In a post-Sept. 11 world many non-political events have been designated National Special Security Events and would rise to the higher status. Examples of possible NSSEs are the Olympics or the Super Bowl. In 2004, the presidential inaugural balls and President Ronald Reagan's June funeral procession in Washington, D.C., were designated NSSEs.
According to government sources with knowledge of the legislation, Secret Service protection and law enforcement authority would extend beyond protecting a specific person, rather the event itself would become the "protectee."
Currently, non-violent demonstrators who enter restricted areas at such events previously would be arrested and charged by local law enforcement with simple trespassing, said Graves. Under the provision included in the new law, they will be charged with felonies by the Secret Service.
"It's a different consequence to people," she said.
"You are talking about giving the executive branch broader authority to create these exclusion zones which could cover broad areas and last for days [during an event ]," David Kopel, a constitutional expert with the Cato Institute, told FOXNews.com.
A spokesman at Specter's office said the senator was surprised by the clamor over the provision, which merely makes a technical change to clear up legal confusion over who has arresting authority at NSSEs. His office had no further comment on the provision. Committee Ranking Member Sen. Patrick Leahy, D-Vt., also declined comment. Republican and Democratic House Judiciary Committee leaders did not return calls for comment.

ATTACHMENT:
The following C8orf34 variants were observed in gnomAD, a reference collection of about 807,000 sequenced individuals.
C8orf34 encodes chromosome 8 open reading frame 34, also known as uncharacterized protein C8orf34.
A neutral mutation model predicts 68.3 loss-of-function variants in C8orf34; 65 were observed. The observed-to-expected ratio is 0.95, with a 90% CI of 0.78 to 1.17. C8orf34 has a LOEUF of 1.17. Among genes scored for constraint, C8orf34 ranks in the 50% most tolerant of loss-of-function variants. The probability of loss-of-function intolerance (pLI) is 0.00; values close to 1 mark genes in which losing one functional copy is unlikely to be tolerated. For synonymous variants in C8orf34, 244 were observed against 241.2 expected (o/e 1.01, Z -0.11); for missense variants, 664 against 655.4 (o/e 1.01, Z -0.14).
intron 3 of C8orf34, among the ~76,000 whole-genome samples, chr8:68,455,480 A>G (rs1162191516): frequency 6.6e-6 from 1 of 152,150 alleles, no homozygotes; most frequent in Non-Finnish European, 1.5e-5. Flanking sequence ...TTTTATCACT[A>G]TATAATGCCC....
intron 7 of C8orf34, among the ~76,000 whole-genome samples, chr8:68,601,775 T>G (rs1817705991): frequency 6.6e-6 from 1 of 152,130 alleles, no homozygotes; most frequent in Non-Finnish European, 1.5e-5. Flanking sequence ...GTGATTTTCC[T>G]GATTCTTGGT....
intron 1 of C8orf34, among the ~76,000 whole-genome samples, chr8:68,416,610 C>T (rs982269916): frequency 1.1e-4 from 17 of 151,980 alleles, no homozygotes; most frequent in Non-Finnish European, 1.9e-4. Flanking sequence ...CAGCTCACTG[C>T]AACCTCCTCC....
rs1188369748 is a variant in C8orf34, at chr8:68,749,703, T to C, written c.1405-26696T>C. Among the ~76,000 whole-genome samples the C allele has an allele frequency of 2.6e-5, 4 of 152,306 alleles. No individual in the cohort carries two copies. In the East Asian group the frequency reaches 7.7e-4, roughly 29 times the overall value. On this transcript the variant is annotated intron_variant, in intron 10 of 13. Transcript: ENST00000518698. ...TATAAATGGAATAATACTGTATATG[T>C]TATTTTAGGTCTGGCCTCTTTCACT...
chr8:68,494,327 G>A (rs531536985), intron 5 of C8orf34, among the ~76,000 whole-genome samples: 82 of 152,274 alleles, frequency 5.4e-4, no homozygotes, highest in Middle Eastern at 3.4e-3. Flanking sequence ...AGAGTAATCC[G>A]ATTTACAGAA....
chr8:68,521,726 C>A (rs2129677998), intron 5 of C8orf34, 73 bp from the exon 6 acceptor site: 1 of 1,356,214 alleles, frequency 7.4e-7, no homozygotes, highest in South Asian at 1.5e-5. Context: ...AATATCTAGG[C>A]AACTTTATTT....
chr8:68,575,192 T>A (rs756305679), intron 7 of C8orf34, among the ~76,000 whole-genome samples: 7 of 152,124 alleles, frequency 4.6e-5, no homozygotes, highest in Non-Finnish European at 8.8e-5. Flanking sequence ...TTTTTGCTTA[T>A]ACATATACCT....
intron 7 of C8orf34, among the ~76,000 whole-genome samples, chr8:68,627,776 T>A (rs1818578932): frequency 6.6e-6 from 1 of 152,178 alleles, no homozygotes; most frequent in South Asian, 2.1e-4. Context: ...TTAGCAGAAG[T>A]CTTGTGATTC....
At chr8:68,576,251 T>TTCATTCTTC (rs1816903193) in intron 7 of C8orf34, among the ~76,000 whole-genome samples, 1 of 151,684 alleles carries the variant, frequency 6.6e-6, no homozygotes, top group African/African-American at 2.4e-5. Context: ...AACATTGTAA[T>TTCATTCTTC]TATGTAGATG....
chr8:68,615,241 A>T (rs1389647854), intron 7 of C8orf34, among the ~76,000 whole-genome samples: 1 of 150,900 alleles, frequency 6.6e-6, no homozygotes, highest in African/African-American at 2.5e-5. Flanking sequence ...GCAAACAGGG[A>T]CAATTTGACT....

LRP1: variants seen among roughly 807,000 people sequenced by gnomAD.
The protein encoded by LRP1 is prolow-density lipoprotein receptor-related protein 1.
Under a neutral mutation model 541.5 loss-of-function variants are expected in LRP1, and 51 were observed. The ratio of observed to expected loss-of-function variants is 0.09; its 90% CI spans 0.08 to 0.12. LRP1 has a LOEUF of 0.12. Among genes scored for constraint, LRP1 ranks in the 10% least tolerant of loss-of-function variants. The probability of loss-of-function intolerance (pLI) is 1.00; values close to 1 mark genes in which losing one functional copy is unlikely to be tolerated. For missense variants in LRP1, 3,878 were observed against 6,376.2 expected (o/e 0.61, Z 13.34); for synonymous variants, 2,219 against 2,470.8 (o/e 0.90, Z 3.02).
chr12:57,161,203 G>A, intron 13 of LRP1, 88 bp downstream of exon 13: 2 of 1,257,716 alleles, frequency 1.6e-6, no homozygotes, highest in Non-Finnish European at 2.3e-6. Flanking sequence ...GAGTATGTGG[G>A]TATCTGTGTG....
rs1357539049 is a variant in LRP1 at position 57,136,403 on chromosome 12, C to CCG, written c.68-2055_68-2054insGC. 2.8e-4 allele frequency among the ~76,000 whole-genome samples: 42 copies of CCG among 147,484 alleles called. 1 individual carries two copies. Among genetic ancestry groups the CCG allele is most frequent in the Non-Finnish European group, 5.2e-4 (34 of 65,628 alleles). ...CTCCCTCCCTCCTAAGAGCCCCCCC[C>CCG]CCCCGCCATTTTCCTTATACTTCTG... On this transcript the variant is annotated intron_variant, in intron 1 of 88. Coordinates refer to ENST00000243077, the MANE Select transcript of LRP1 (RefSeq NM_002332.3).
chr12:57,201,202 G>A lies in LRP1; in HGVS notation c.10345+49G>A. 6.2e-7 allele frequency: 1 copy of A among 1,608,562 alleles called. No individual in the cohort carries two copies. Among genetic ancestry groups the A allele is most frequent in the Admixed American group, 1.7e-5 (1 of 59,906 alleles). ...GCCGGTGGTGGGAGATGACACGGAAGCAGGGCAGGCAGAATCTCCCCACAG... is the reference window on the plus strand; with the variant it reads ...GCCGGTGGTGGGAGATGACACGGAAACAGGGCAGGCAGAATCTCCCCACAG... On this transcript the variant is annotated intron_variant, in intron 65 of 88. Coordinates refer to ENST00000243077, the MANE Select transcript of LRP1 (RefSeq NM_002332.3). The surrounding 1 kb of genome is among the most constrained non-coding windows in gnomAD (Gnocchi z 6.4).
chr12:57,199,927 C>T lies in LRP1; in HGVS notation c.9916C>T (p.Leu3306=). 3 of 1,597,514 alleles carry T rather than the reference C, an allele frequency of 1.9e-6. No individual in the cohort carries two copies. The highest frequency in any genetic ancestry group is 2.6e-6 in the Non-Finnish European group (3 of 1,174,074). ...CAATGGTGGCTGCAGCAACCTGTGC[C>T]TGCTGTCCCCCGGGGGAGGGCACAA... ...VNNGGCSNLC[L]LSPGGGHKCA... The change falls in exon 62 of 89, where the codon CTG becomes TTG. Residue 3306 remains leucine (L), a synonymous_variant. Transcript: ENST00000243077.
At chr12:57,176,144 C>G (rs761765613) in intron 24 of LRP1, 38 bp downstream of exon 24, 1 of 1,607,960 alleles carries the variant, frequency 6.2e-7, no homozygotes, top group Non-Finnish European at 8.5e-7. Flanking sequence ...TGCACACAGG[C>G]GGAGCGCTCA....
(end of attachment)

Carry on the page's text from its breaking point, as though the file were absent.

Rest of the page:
White House sources say the measure was not instigated by the administration and pointed out that it was a stand-alone bill that was rolled into the Patriot Act by Specter's office during House-Senate conference negotiations. White House spokeswoman Dana Perino told FOXNews.com that the White House would not comment on the intent of the measure, but that the president is concerned with preserving individual rights.
"President Bush is committed to protecting the American people's national security as well as their civil liberties," she said.
Secret Service representatives said the agency does not comment on pending legislation.
The Bush administration has been criticized in the past for what many say are tactics that keep protesters far away from official events and by employing stringent policies to ensure favorable audiences for the president.